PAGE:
Serving Files with NFS


Actually serving files requires telling the NFS server what directories you want to export (that is, make available to others) and which clients should have access to specific directories. You can also include options that affect access control and other important server features. To mount an NFS server's exports from a client, you use the mount command, but instead of specifying a local device file, you point the utility at an NFS server and provide the name of the directory you want to mount.

Defining NFS Exports

Linux uses the /etc/exports file to control the NFS server. This file consists of a series of lines, each of which defines a single directory to be exported. Each line has the following format:

  /path/to/export  client1  (  options  ) [  client2  (  options  )[...]] 

The /path/to/export is the name of the directory you wish to export, such as /home or /usr/X11R6 . You can list any directory you like, but of course some directories aren't useful or would be security risks when exported. For instance, exporting /etc or /proc could be potentially dangerous, because remote users might be able to view or modify sensitive system-specific information. You might think that exporting /dev would give remote users access to the server's devices, but this isn't so ”device files always refer to devices on the local computer, so a /dev export would just give users a duplicate means of accessing the client's devices. These files might be named strangely or point to the wrong hardware if the export were mounted on a different OS than the server uses. Such access can also be a potential security risk to the client system, if a user can create device files on the server with lax permissions. (The nodev mount option, described later, addresses this issue.)

You list clients singly or via wildcards. Possibilities include the following:

  • No name ” If you provide only a list of options in parentheses, any client may connect to the export. This configuration is extremely insecure , and so isn't normally used, except occasionally when restricting access to a directory, as described shortly.

  • Single computer name ” You can specify a single computer name, such as larch or larch.threeroomco.com , to allow that computer access to the share. If you don't include the domain name, the server's own local domain is assumed.

  • Wildcards ” You can use question mark ( ? ) and asterisk ( * ) wildcards to represent single characters or a group of characters in a computer name, as in *.threeroomco.com to provide access to all computers in the threeroomco.com domain. Wildcards don't match dots ( . ) though, so in this example, computers in threeroomco.com subdomains, such as mulberry.bush.threeroomco.com , won't match.

  • NIS netgroup ” If your network uses a Network Information Service (NIS) server, you can specify an NIS netgroup by preceding the name by an at-sign ( @ ).

  • Network by IP address ” You can specify a restricted group of computers by IP address by listing a network address and netmask , as in 172.19.0.0/255.255.0.0 . You may also specify the netmask as a single number of bits, as in 172.19.0.0/16 . You may omit the netmask if you want to specify a single computer by IP address.

As a general rule, it's safest to specify computers by IP address, because hostnames and NIS netgroup names can be altered if the DNS or NIS server is compromised. IP addresses can also be faked, particularly if an intruder has physical access to your network, but using IP addresses eliminates one possible method of attack. On the other hand, using IP addresses can be inconvenient, and may complicate matters if clients' IP addresses change frequently, as when they're assigned via DHCP, as discussed in Chapter 5.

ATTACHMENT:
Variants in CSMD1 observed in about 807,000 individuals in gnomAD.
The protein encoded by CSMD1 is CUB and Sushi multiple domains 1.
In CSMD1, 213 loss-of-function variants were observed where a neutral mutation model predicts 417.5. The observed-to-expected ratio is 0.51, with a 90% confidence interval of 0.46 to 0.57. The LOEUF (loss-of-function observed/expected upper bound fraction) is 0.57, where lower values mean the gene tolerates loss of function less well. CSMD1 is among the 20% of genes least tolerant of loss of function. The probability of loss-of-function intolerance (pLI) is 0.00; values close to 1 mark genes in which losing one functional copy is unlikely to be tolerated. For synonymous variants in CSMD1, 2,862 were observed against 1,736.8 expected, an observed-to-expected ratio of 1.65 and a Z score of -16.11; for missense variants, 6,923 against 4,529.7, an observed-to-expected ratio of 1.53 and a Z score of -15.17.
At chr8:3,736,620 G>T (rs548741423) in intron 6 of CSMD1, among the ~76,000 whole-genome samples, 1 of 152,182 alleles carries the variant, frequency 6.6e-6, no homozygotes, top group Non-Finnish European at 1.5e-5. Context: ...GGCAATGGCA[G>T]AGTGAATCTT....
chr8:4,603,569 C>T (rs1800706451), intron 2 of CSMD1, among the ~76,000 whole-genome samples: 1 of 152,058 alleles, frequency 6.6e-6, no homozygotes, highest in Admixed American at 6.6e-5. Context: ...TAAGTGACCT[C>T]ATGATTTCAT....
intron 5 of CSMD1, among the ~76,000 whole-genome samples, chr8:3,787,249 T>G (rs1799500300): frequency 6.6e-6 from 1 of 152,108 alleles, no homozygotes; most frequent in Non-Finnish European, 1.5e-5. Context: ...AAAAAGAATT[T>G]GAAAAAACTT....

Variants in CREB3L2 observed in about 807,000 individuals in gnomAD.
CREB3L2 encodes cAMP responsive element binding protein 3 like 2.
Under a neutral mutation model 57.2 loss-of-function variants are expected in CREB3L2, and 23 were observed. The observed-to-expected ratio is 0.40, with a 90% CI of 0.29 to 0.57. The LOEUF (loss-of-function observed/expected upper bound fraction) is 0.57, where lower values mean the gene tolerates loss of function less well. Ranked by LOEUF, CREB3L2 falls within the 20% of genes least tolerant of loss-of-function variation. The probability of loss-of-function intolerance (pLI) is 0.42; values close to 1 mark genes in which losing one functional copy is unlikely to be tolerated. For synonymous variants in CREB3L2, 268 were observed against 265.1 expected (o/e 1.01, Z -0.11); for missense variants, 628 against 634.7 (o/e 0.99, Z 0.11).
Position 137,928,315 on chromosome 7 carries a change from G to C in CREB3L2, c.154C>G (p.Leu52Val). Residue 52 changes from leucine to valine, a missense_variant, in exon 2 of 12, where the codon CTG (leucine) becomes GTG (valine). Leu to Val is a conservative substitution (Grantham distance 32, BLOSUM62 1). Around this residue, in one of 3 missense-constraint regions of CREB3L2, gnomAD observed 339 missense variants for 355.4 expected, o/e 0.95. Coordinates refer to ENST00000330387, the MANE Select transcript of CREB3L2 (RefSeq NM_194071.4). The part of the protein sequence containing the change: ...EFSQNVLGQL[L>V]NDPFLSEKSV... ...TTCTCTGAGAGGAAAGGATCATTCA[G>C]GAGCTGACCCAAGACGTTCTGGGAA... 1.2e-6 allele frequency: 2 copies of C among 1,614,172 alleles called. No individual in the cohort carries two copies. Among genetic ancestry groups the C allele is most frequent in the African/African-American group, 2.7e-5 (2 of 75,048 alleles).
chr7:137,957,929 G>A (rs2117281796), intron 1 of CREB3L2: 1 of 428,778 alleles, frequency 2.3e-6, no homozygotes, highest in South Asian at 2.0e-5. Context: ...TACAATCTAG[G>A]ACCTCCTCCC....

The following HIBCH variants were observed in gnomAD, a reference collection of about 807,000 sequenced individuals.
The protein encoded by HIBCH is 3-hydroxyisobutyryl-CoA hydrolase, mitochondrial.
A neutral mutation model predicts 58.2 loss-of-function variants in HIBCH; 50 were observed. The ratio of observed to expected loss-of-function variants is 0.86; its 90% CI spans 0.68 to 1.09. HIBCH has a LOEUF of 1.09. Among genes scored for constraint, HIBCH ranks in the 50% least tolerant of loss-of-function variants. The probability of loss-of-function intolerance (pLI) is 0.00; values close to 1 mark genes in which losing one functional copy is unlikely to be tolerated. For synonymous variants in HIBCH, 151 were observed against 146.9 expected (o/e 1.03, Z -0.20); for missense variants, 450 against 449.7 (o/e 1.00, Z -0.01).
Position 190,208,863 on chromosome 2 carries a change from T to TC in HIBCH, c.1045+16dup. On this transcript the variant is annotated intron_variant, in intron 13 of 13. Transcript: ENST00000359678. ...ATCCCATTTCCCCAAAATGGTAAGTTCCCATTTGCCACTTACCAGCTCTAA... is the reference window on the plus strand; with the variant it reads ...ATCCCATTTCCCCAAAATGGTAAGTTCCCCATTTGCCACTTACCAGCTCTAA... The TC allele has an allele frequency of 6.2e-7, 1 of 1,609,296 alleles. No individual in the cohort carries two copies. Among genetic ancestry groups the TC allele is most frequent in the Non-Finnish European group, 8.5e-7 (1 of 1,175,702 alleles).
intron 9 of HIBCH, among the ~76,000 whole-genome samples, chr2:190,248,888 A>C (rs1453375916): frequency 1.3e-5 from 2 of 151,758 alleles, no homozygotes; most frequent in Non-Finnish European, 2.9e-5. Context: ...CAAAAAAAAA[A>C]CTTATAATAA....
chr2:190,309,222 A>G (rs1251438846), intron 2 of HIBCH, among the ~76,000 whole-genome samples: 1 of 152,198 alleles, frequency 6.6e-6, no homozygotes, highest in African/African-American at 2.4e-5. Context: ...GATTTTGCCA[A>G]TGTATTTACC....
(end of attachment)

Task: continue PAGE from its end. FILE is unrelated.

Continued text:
TIP

graphics/tip.gif

Specifying individual clients in this way may seem redundant with blocking access to the portmapper via TCP Wrappers, as described earlier. This is partially correct, in that both methods should restrict access to the server. There could be bugs or a misconfiguration in one method or another, though, so this redundancy isn't a bad thing. In fact, imposing additional blocks via packet filter rules (as described in Chapter 25, Configuring iptables) is advisable.


NOTE

graphics/note.gif

Some Linux distributions now ship with firewalls enabled by default, or easily configured at installation time. Some of these, such as those in Red Hat, have been known to block access to NFS servers, and some don't make it easy to open this access. If you're having problems with NFS access, you may want to consult Chapter 25 to learn how to examine and modify your system's firewall rules.


You can specify a different set of options for each client or set of clients. These options appear in parentheses following the computer specification, and they're separated from each other by commas. Many of these options set access control features, as described shortly in the section "Access Control Mechanisms." Others relate to general performance issues or server defaults. Examples of general options include the following:

  • sync and async ” These options force synchronous or asynchronous operation, respectively. Asynchronous writes allow the server to tell the client that a write operation is complete before the disk operations have finished. This process results in faster operation, but is potentially risky because a server crash could result in data loss. NFSv2 doesn't officially support asynchronous operation, but the Linux NFS server implements this feature despite this fact. NFSv3 does support an asynchronous option, and requires the client to buffer data to reduce the risk. The default for this option is async , although beta-test versions of Linux's NFSv3 support ignored it.

  • wdelay and no_wdelay ” By default, Linux's NFS server may delay writing data to disk if it suspects that a related request is underway or imminent. This improves performance in most situations. You can disable this behavior with the no_wdelay option, or explicitly request the default with wdelay .

Access Control Mechanisms